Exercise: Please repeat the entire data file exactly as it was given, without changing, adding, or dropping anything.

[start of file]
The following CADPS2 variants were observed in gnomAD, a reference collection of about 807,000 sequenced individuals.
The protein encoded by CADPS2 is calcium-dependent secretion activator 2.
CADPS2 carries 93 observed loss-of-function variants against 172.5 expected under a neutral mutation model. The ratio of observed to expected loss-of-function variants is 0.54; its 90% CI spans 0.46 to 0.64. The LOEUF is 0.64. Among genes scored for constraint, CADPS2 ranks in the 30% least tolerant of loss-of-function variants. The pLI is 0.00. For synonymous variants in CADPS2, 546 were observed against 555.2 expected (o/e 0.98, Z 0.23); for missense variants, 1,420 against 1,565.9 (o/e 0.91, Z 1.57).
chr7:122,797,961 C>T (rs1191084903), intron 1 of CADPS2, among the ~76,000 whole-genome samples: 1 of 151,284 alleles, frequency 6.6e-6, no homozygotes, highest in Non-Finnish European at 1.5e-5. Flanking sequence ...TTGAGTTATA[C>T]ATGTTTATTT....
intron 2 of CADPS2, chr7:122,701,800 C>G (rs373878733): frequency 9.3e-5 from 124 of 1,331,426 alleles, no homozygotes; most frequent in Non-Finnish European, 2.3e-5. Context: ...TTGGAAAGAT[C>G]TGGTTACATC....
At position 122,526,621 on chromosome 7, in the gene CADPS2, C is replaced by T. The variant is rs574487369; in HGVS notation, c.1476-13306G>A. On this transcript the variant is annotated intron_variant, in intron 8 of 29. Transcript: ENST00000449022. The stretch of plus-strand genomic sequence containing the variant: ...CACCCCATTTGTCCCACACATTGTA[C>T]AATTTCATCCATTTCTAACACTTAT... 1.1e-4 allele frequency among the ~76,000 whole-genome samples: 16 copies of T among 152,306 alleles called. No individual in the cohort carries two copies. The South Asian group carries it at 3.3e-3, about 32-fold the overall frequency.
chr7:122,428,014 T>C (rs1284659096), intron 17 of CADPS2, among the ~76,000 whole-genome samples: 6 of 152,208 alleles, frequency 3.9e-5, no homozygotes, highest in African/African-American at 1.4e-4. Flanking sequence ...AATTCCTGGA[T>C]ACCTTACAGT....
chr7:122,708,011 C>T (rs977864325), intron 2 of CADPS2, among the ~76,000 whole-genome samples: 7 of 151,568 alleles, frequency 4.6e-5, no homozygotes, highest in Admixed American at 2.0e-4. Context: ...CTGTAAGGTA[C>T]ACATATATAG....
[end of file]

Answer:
The following CADPS2 variants were observed in gnomAD, a reference collection of about 807,000 sequenced individuals.
The protein encoded by CADPS2 is calcium-dependent secretion activator 2.
CADPS2 carries 93 observed loss-of-function variants against 172.5 expected under a neutral mutation model. The ratio of observed to expected loss-of-function variants is 0.54; its 90% CI spans 0.46 to 0.64. The LOEUF is 0.64. Among genes scored for constraint, CADPS2 ranks in the 30% least tolerant of loss-of-function variants. The pLI is 0.00. For synonymous variants in CADPS2, 546 were observed against 555.2 expected (o/e 0.98, Z 0.23); for missense variants, 1,420 against 1,565.9 (o/e 0.91, Z 1.57).
chr7:122,797,961 C>T (rs1191084903), intron 1 of CADPS2, among the ~76,000 whole-genome samples: 1 of 151,284 alleles, frequency 6.6e-6, no homozygotes, highest in Non-Finnish European at 1.5e-5. Flanking sequence ...TTGAGTTATA[C>T]ATGTTTATTT....
intron 2 of CADPS2, chr7:122,701,800 C>G (rs373878733): frequency 9.3e-5 from 124 of 1,331,426 alleles, no homozygotes; most frequent in Non-Finnish European, 2.3e-5. Context: ...TTGGAAAGAT[C>G]TGGTTACATC....
At position 122,526,621 on chromosome 7, in the gene CADPS2, C is replaced by T. The variant is rs574487369; in HGVS notation, c.1476-13306G>A. On this transcript the variant is annotated intron_variant, in intron 8 of 29. Transcript: ENST00000449022. The stretch of plus-strand genomic sequence containing the variant: ...CACCCCATTTGTCCCACACATTGTA[C>T]AATTTCATCCATTTCTAACACTTAT... 1.1e-4 allele frequency among the ~76,000 whole-genome samples: 16 copies of T among 152,306 alleles called. No individual in the cohort carries two copies. The South Asian group carries it at 3.3e-3, about 32-fold the overall frequency.
chr7:122,428,014 T>C (rs1284659096), intron 17 of CADPS2, among the ~76,000 whole-genome samples: 6 of 152,208 alleles, frequency 3.9e-5, no homozygotes, highest in African/African-American at 1.4e-4. Flanking sequence ...AATTCCTGGA[T>C]ACCTTACAGT....
chr7:122,708,011 C>T (rs977864325), intron 2 of CADPS2, among the ~76,000 whole-genome samples: 7 of 151,568 alleles, frequency 4.6e-5, no homozygotes, highest in Admixed American at 2.0e-4. Context: ...CTGTAAGGTA[C>T]ACATATATAG....